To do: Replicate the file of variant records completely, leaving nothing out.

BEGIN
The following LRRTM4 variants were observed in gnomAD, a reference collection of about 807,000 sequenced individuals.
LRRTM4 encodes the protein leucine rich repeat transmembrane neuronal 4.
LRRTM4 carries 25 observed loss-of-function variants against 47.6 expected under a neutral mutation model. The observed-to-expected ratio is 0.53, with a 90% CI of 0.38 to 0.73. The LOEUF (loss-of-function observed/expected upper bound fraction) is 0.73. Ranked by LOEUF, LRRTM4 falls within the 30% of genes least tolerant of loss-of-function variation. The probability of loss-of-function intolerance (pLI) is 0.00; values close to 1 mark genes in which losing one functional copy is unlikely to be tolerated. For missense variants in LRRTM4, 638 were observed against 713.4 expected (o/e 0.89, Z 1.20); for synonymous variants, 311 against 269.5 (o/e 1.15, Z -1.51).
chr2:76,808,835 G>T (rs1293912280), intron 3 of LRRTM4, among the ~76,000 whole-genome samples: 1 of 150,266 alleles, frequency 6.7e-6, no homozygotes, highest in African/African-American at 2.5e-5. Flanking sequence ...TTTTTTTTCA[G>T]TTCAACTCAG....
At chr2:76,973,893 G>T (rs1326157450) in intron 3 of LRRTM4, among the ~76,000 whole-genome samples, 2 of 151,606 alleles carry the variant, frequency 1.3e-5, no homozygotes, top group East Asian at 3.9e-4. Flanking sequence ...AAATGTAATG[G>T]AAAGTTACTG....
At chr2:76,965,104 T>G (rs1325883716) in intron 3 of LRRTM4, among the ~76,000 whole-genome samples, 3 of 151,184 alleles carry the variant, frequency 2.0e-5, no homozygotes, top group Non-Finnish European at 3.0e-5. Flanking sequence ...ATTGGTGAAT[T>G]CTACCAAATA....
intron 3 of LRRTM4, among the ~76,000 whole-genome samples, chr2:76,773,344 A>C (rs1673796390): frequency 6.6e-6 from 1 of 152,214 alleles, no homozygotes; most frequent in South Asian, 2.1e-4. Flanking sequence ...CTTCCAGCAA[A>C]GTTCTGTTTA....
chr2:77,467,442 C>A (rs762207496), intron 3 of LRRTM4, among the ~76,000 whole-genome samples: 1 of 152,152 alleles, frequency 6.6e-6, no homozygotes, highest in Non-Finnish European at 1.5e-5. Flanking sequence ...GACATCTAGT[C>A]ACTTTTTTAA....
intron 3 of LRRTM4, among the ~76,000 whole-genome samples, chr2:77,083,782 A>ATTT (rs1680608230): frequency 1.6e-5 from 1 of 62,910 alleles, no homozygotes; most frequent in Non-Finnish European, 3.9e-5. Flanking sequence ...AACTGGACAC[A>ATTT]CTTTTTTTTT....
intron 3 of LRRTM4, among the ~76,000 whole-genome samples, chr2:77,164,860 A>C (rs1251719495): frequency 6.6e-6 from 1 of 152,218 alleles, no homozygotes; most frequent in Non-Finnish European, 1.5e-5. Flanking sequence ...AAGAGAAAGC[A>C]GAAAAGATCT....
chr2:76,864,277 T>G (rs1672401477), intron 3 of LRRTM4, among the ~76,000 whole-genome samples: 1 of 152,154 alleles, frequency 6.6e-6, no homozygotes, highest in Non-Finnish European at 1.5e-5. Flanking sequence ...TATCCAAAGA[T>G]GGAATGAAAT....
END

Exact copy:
The following LRRTM4 variants were observed in gnomAD, a reference collection of about 807,000 sequenced individuals.
LRRTM4 encodes the protein leucine rich repeat transmembrane neuronal 4.
LRRTM4 carries 25 observed loss-of-function variants against 47.6 expected under a neutral mutation model. The observed-to-expected ratio is 0.53, with a 90% CI of 0.38 to 0.73. The LOEUF (loss-of-function observed/expected upper bound fraction) is 0.73. Ranked by LOEUF, LRRTM4 falls within the 30% of genes least tolerant of loss-of-function variation. The probability of loss-of-function intolerance (pLI) is 0.00; values close to 1 mark genes in which losing one functional copy is unlikely to be tolerated. For missense variants in LRRTM4, 638 were observed against 713.4 expected (o/e 0.89, Z 1.20); for synonymous variants, 311 against 269.5 (o/e 1.15, Z -1.51).
chr2:76,808,835 G>T (rs1293912280), intron 3 of LRRTM4, among the ~76,000 whole-genome samples: 1 of 150,266 alleles, frequency 6.7e-6, no homozygotes, highest in African/African-American at 2.5e-5. Flanking sequence ...TTTTTTTTCA[G>T]TTCAACTCAG....
At chr2:76,973,893 G>T (rs1326157450) in intron 3 of LRRTM4, among the ~76,000 whole-genome samples, 2 of 151,606 alleles carry the variant, frequency 1.3e-5, no homozygotes, top group East Asian at 3.9e-4. Flanking sequence ...AAATGTAATG[G>T]AAAGTTACTG....
At chr2:76,965,104 T>G (rs1325883716) in intron 3 of LRRTM4, among the ~76,000 whole-genome samples, 3 of 151,184 alleles carry the variant, frequency 2.0e-5, no homozygotes, top group Non-Finnish European at 3.0e-5. Flanking sequence ...ATTGGTGAAT[T>G]CTACCAAATA....
intron 3 of LRRTM4, among the ~76,000 whole-genome samples, chr2:76,773,344 A>C (rs1673796390): frequency 6.6e-6 from 1 of 152,214 alleles, no homozygotes; most frequent in South Asian, 2.1e-4. Flanking sequence ...CTTCCAGCAA[A>C]GTTCTGTTTA....
chr2:77,467,442 C>A (rs762207496), intron 3 of LRRTM4, among the ~76,000 whole-genome samples: 1 of 152,152 alleles, frequency 6.6e-6, no homozygotes, highest in Non-Finnish European at 1.5e-5. Flanking sequence ...GACATCTAGT[C>A]ACTTTTTTAA....
intron 3 of LRRTM4, among the ~76,000 whole-genome samples, chr2:77,083,782 A>ATTT (rs1680608230): frequency 1.6e-5 from 1 of 62,910 alleles, no homozygotes; most frequent in Non-Finnish European, 3.9e-5. Flanking sequence ...AACTGGACAC[A>ATTT]CTTTTTTTTT....
intron 3 of LRRTM4, among the ~76,000 whole-genome samples, chr2:77,164,860 A>C (rs1251719495): frequency 6.6e-6 from 1 of 152,218 alleles, no homozygotes; most frequent in Non-Finnish European, 1.5e-5. Flanking sequence ...AAGAGAAAGC[A>C]GAAAAGATCT....
chr2:76,864,277 T>G (rs1672401477), intron 3 of LRRTM4, among the ~76,000 whole-genome samples: 1 of 152,154 alleles, frequency 6.6e-6, no homozygotes, highest in Non-Finnish European at 1.5e-5. Flanking sequence ...TATCCAAAGA[T>G]GGAATGAAAT....